We want to elevate youth voices on climate in general, and we want to explore the arts as one pathway for young people to express their truth and their demands. Within that, we started with spoken word organically. Many of the young people at our first youth program — which was at our first exhibition about a year and a half ago — spontaneously chose spoken word in a competition to design climate advocacy for their peers. Everyone in the room, high school students and adult mentors alike, was galvanized by what they saw and heard. So we dug into spoken word first as a genre.

What have you learned from listening to this generation? Was there anything that surprised you?

This generation is extraordinarily kind, wise and socially minded. We created some space for the “Climate Speaks” participants and provided them with some mentoring and support — and their leadership and creativity exploded. It was extraordinarily inspiring. I expected to be awestruck, but my expectations were absolutely exceeded.

What role do you think youth will have in the climate crisis fight going forward?  

Youth have and will have the protagonist’s role in the climate crisis fight going forward. Their voices and activism are providing the impetus for climate progress. This impetus is the single most important success factor for humanity at this time.

This doesn’t let the rest of us off the hook. Everyone should be focusing all the resources they can — time, talent, money, attention, civic action — on the climate crisis. This includes elected leaders and others with policy-making authority, who must step up in unprecedented ways as well.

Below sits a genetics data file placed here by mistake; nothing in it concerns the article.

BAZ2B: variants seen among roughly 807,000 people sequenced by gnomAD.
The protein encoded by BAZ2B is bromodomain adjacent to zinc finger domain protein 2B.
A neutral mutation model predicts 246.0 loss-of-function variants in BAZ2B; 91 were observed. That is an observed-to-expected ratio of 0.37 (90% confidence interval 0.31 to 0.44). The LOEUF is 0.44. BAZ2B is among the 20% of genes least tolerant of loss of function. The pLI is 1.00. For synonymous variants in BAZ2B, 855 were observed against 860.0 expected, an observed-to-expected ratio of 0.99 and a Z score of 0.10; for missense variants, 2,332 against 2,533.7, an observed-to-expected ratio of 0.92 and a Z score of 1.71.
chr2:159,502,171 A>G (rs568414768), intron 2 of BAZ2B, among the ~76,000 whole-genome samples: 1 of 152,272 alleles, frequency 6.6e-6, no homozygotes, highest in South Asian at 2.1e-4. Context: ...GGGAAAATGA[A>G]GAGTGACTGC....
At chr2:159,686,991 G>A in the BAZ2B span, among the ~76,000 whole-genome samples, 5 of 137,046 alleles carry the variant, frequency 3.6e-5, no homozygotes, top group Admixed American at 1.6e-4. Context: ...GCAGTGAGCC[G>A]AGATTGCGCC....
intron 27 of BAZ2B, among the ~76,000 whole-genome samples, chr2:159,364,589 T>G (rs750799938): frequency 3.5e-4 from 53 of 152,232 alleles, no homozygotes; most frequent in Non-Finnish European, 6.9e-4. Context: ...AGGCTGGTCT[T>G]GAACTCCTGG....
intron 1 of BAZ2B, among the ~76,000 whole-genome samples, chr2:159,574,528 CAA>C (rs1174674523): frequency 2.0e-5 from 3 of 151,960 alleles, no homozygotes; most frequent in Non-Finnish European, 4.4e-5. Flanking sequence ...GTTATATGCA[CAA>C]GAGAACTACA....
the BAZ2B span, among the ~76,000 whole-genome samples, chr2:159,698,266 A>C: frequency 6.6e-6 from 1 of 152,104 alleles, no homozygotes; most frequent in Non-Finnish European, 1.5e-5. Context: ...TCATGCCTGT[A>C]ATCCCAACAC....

2. "Climate Signals," a public art project by Justin Brice Guariglia, in collaboration with the Climate Museum and the Mayor's Office on Climate Change. Photo by Justin Brice Guariglia.
2. “Climate Signals,” a public art project by Justin Brice Guariglia, in collaboration with the Climate Museum and the Mayor’s Office on Climate Change. Photo by Justin Brice Guariglia.

Do you have plans to expand the project? And are there any Climate Museum exhibitions that you are excited for in the year ahead?

Yes, we are expanding the project this year — please keep an eye out for “Climate Speaks 2020.” And we have at least two exhibitions/installations upcoming in 2020 that we’re very excited about, though it’s too early to talk about them. One will launch for the 50th anniversary of Earth Day in April, and the other will open for the season at Governors Island, where our current show “Taking Action” is located.

Broadly speaking, what role do you feel art plays in climate change?

Art is a critical pathway into climate engagement. For many people, art is more inviting than science and policy. It is fundamentally tactile and emotional — and we are first physical, then emotional animals, [and] only then intellectual ones. Art is also profoundly communal — we started making it back in the caves because, through expression, it allows us to connect with other human beings. We need that communal sensibility to feel we can confront the climate crisis; otherwise, we are completely out-scaled. Finally, even art that is pessimistic or dark in its content is the product of human creativity, and seeing that creativity in action reminds us subliminally of what we can do. Our ambition and creativity got us into this mess — and they can get us out.

Top Image: 1. "Climate Signals," a public art project by Justin Brice Guariglia, in collaboration with the Climate Museum and the Mayor's Office on Climate Change. Photo by Lisa Goulet.